written by Savannah Small-Swaby
If there’s one thing the digital age has taught us, it’s that tech breaks are necessary, self-care can be taught by Lizzo and Ariana Grande (Alexa, play Good as Hell Remix) and yoga as a way of unwinding is still a thing. But through all of this, many of us still struggle to find a way to stay present.
It may only be the month of April but now more than ever, these 6 ways to stay present in 2020 might be just the kickstart your year was looking for.
Pilates (and/or Yoga)
Okay, so while I may have joked that yoga is still a thing, it’s a thing for a reason. We’re a burnt-out generation and yoga is the perfect way to escape, bend and namaste our stresses away. And while yoga can help us de-stress, Pilates is another form of exercise that forces you to stay present. Built on connecting and engaging with your core, you have no choice but to focus on your every move and stretch.
Take a Tech Break
Self-isolating or not, we all need a tech break. Why? Because consuming ourselves in Chrissy Teigen’s tweets, reading ever-changing news articles and socialising on (House)party may be important parts of our daily lives, but we all need a break from our phones. Take a tech break, even if it’s just for 15 minutes, your mind will thank you.
Put Spotify on Pause
Hear me out. Music is a great way to ease anxiety and change your moods at the tap of a playlist but it also has a way of distracting from the sounds and scenery around us. So why not challenge yourself to mix up your daily run or brisk walk by letting nature be your soundtrack. Zoning in on where you are and your surroundings can instantly help you stay present, allowing those wandering minds to chill for a minute, or two.
Ticket For One
When all the chaos of self-isolation is over, we will be able to wander into museums again and when we do, we should make sure we take time to enjoy it not only with friends, but with ourselves as well. For those who are use to seeing exhibitions, plays and even taking a day trip out of the city with a friend, why not do it on your own? Understanding how to be present on your own is an easier first step to being present with those close to you because once you understand how to focus on yourself, you can adapt that practice to those around you.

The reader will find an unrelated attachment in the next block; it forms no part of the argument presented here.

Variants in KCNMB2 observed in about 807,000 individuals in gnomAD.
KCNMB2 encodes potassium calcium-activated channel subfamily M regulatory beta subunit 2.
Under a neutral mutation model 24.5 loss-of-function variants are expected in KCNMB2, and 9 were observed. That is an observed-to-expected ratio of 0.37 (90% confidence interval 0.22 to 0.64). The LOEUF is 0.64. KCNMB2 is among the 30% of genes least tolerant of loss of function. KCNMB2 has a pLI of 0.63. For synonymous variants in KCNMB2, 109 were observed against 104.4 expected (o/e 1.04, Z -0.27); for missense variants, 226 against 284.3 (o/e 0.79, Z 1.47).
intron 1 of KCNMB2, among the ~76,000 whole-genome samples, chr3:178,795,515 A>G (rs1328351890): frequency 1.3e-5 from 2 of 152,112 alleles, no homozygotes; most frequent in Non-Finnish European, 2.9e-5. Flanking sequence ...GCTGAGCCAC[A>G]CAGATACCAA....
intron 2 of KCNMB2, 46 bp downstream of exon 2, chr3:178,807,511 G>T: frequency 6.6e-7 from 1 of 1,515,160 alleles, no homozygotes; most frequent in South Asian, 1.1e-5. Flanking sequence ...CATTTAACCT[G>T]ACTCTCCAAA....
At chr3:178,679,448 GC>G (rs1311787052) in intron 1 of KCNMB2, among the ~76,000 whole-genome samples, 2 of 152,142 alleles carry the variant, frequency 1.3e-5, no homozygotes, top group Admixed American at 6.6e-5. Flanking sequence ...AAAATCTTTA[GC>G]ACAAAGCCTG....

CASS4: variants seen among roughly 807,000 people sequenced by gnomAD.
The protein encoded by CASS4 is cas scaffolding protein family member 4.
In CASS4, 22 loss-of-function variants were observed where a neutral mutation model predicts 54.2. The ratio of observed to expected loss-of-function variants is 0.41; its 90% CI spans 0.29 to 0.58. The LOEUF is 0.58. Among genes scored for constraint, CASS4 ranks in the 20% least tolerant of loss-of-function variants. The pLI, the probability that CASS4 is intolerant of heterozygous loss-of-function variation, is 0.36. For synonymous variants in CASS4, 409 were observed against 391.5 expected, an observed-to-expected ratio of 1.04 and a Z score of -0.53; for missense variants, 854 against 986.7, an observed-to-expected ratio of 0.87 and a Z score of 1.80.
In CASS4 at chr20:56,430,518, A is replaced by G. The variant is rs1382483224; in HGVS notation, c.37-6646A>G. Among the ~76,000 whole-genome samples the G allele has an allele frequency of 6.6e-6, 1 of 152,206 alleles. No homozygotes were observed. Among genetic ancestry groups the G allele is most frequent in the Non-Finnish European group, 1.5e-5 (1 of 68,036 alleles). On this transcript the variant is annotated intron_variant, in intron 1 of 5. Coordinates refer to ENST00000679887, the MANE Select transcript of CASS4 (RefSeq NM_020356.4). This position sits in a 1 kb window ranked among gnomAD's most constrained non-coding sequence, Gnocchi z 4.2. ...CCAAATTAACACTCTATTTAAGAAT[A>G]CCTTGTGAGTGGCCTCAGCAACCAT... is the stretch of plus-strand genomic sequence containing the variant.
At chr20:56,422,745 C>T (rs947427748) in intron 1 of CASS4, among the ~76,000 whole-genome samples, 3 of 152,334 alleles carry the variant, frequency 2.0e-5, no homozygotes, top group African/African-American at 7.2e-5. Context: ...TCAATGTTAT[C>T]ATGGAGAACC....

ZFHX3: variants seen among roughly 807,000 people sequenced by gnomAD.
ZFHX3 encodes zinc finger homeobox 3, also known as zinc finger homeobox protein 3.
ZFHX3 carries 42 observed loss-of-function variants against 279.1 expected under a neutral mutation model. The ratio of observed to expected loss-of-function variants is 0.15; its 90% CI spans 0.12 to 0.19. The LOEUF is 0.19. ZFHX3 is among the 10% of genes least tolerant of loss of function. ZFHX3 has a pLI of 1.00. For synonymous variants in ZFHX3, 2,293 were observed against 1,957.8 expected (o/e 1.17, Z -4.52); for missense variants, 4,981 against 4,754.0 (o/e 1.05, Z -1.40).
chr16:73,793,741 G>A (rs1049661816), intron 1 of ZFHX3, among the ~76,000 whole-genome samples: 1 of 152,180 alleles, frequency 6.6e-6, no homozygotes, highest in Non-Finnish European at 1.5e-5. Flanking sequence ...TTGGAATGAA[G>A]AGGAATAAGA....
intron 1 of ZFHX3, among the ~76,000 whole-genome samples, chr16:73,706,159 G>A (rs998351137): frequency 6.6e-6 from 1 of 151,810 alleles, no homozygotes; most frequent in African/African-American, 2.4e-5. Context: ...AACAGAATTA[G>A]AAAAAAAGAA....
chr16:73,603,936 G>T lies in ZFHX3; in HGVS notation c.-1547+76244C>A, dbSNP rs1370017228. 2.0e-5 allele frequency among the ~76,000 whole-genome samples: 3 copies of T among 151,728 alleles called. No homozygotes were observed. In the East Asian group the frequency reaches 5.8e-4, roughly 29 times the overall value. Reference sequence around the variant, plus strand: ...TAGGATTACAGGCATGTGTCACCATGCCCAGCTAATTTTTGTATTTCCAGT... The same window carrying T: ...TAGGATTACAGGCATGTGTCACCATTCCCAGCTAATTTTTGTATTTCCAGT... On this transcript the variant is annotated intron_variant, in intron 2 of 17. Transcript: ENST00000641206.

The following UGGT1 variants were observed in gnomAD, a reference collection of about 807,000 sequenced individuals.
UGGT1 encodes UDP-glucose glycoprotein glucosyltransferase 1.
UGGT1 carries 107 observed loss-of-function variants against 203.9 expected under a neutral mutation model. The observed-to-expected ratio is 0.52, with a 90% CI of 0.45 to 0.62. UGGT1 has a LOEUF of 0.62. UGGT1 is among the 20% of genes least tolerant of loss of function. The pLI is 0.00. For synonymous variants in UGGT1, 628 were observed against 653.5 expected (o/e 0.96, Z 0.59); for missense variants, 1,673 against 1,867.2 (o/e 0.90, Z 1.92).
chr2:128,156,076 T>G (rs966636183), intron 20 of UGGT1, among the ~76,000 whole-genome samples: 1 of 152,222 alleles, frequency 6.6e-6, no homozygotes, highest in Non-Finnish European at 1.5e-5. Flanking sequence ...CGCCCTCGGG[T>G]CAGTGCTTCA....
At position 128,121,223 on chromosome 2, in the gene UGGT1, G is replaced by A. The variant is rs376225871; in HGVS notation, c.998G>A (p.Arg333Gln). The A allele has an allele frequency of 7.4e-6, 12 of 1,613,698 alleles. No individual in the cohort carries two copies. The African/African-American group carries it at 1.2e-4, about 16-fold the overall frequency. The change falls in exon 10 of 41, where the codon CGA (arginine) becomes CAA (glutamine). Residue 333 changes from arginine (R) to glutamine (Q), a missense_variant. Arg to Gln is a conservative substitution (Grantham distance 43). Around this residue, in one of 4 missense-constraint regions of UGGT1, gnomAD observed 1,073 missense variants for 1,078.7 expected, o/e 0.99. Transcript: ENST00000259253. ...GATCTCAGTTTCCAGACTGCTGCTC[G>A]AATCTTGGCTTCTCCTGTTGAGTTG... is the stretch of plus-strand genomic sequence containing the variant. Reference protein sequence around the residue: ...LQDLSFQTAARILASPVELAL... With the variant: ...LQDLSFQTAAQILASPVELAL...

Use an App
If you’re new to meditating but good with your phone, an app could be a great start. You should still be mindful of those tech breaks, but apps such as Calm has something to make you feel present for any situation, be it getting ready for a meeting, dealing with stress in a relationship or if you’re having problems sleeping. Meditating and breathing exercises can really help centre yourself and bring you back to the present, instead of worrying about the past or future.
Creating a journal isn’t just for your confused teenage years. As we get older we’re almost too stressed or too busy to take the time to reflect on our day. Writing a journal doesn’t mean you’ve stopped adulting. In fact, writing down and reflecting on the day will allow you to be present. And it doesn’t have to be your Carrie Bradshaw debut — although an ‘and just like that’ moment can wrap up your day nicely. For those that don’t know where to start, why not open your notes app and type how you’re feeling, limiting it to three bullet points to start and build on your journal from there. Investing in a journal specifically for you and your thoughts can also help, spending the morning or evenings to reflect by physically writing things down and process your day.
The beauty about this list? It doesn’t matter if you decide to fill your day up with every point, or you pick and choose what feels right for you on the day. Being present takes time. Like all of us, it’s a work in progress, so be kind to yourself and become your own soulmate this year, with or without playing Lizzo on full blast.